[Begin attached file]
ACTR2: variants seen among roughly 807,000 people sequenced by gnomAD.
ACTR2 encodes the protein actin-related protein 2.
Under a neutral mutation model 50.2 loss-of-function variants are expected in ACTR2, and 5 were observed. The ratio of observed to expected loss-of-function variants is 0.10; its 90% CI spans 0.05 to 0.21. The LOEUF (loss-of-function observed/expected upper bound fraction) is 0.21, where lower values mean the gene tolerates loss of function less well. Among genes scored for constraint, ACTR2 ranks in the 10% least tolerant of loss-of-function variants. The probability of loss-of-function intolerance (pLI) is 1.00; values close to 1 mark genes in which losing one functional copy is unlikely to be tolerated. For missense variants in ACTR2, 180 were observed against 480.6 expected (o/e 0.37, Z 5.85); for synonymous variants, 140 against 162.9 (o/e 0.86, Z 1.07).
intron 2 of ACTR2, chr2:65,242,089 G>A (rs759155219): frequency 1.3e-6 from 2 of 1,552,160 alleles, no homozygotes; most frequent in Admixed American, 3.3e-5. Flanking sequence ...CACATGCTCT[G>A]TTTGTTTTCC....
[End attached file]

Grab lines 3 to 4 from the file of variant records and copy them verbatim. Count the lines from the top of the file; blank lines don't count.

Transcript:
Under a neutral mutation model 50.2 loss-of-function variants are expected in ACTR2, and 5 were observed. The ratio of observed to expected loss-of-function variants is 0.10; its 90% CI spans 0.05 to 0.21. The LOEUF (loss-of-function observed/expected upper bound fraction) is 0.21, where lower values mean the gene tolerates loss of function less well. Among genes scored for constraint, ACTR2 ranks in the 10% least tolerant of loss-of-function variants. The probability of loss-of-function intolerance (pLI) is 1.00; values close to 1 mark genes in which losing one functional copy is unlikely to be tolerated. For missense variants in ACTR2, 180 were observed against 480.6 expected (o/e 0.37, Z 5.85); for synonymous variants, 140 against 162.9 (o/e 0.86, Z 1.07).
intron 2 of ACTR2, chr2:65,242,089 G>A (rs759155219): frequency 1.3e-6 from 2 of 1,552,160 alleles, no homozygotes; most frequent in Admixed American, 3.3e-5. Flanking sequence ...CACATGCTCT[G>A]TTTGTTTTCC....